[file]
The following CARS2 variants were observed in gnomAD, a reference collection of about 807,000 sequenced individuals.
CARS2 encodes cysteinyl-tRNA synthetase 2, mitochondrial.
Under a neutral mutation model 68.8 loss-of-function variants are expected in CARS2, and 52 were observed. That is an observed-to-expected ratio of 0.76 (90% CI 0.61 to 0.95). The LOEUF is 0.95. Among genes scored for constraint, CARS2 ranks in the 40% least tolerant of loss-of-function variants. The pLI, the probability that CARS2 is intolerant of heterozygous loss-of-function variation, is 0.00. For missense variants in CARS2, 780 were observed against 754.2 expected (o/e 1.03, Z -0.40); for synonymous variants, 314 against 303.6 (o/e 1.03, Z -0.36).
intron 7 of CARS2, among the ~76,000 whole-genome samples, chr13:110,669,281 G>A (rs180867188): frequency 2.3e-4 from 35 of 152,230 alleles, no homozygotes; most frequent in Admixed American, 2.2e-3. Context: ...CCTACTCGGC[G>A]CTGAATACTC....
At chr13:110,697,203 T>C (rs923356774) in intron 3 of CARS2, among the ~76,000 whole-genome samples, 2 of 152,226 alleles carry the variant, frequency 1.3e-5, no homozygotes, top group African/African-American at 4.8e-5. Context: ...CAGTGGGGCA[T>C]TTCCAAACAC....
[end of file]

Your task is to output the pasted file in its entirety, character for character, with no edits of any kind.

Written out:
The following CARS2 variants were observed in gnomAD, a reference collection of about 807,000 sequenced individuals.
CARS2 encodes cysteinyl-tRNA synthetase 2, mitochondrial.
Under a neutral mutation model 68.8 loss-of-function variants are expected in CARS2, and 52 were observed. That is an observed-to-expected ratio of 0.76 (90% CI 0.61 to 0.95). The LOEUF is 0.95. Among genes scored for constraint, CARS2 ranks in the 40% least tolerant of loss-of-function variants. The pLI, the probability that CARS2 is intolerant of heterozygous loss-of-function variation, is 0.00. For missense variants in CARS2, 780 were observed against 754.2 expected (o/e 1.03, Z -0.40); for synonymous variants, 314 against 303.6 (o/e 1.03, Z -0.36).
intron 7 of CARS2, among the ~76,000 whole-genome samples, chr13:110,669,281 G>A (rs180867188): frequency 2.3e-4 from 35 of 152,230 alleles, no homozygotes; most frequent in Admixed American, 2.2e-3. Context: ...CCTACTCGGC[G>A]CTGAATACTC....
At chr13:110,697,203 T>C (rs923356774) in intron 3 of CARS2, among the ~76,000 whole-genome samples, 2 of 152,226 alleles carry the variant, frequency 1.3e-5, no homozygotes, top group African/African-American at 4.8e-5. Context: ...CAGTGGGGCA[T>C]TTCCAAACAC....